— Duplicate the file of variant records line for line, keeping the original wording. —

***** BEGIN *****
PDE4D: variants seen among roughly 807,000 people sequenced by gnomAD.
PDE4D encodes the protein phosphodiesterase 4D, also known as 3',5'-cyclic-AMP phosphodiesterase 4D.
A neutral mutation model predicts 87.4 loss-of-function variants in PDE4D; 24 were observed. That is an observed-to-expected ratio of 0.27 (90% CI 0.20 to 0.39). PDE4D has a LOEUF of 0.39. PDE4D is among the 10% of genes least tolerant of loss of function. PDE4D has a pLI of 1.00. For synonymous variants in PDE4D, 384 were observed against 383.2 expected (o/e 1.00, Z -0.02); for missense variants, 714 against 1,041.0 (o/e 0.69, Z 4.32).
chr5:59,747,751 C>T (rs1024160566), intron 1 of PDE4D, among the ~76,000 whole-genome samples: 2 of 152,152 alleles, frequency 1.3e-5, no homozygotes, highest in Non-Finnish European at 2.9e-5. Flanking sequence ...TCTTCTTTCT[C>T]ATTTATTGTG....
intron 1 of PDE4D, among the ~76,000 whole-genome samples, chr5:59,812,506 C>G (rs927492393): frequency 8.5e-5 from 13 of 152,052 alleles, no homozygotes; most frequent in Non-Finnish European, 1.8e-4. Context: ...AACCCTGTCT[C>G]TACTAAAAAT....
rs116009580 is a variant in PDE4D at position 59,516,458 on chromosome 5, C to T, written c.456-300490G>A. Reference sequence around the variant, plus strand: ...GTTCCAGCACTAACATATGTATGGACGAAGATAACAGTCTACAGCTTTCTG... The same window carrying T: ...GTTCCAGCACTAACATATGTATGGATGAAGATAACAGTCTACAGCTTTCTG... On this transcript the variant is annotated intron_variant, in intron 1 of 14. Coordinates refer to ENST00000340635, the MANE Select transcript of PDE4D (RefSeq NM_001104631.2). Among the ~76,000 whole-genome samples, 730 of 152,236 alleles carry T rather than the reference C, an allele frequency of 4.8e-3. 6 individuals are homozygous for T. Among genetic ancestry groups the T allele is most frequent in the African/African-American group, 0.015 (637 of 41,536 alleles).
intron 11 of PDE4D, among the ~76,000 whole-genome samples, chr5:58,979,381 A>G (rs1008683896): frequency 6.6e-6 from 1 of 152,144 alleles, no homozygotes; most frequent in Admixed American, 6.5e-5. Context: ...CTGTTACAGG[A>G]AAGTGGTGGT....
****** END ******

PDE4D: variants seen among roughly 807,000 people sequenced by gnomAD.
PDE4D encodes the protein phosphodiesterase 4D, also known as 3',5'-cyclic-AMP phosphodiesterase 4D.
A neutral mutation model predicts 87.4 loss-of-function variants in PDE4D; 24 were observed. That is an observed-to-expected ratio of 0.27 (90% CI 0.20 to 0.39). PDE4D has a LOEUF of 0.39. PDE4D is among the 10% of genes least tolerant of loss of function. PDE4D has a pLI of 1.00. For synonymous variants in PDE4D, 384 were observed against 383.2 expected (o/e 1.00, Z -0.02); for missense variants, 714 against 1,041.0 (o/e 0.69, Z 4.32).
chr5:59,747,751 C>T (rs1024160566), intron 1 of PDE4D, among the ~76,000 whole-genome samples: 2 of 152,152 alleles, frequency 1.3e-5, no homozygotes, highest in Non-Finnish European at 2.9e-5. Flanking sequence ...TCTTCTTTCT[C>T]ATTTATTGTG....
intron 1 of PDE4D, among the ~76,000 whole-genome samples, chr5:59,812,506 C>G (rs927492393): frequency 8.5e-5 from 13 of 152,052 alleles, no homozygotes; most frequent in Non-Finnish European, 1.8e-4. Context: ...AACCCTGTCT[C>G]TACTAAAAAT....
rs116009580 is a variant in PDE4D at position 59,516,458 on chromosome 5, C to T, written c.456-300490G>A. Reference sequence around the variant, plus strand: ...GTTCCAGCACTAACATATGTATGGACGAAGATAACAGTCTACAGCTTTCTG... The same window carrying T: ...GTTCCAGCACTAACATATGTATGGATGAAGATAACAGTCTACAGCTTTCTG... On this transcript the variant is annotated intron_variant, in intron 1 of 14. Coordinates refer to ENST00000340635, the MANE Select transcript of PDE4D (RefSeq NM_001104631.2). Among the ~76,000 whole-genome samples, 730 of 152,236 alleles carry T rather than the reference C, an allele frequency of 4.8e-3. 6 individuals are homozygous for T. Among genetic ancestry groups the T allele is most frequent in the African/African-American group, 0.015 (637 of 41,536 alleles).
intron 11 of PDE4D, among the ~76,000 whole-genome samples, chr5:58,979,381 A>G (rs1008683896): frequency 6.6e-6 from 1 of 152,144 alleles, no homozygotes; most frequent in Admixed American, 6.5e-5. Context: ...CTGTTACAGG[A>G]AAGTGGTGGT....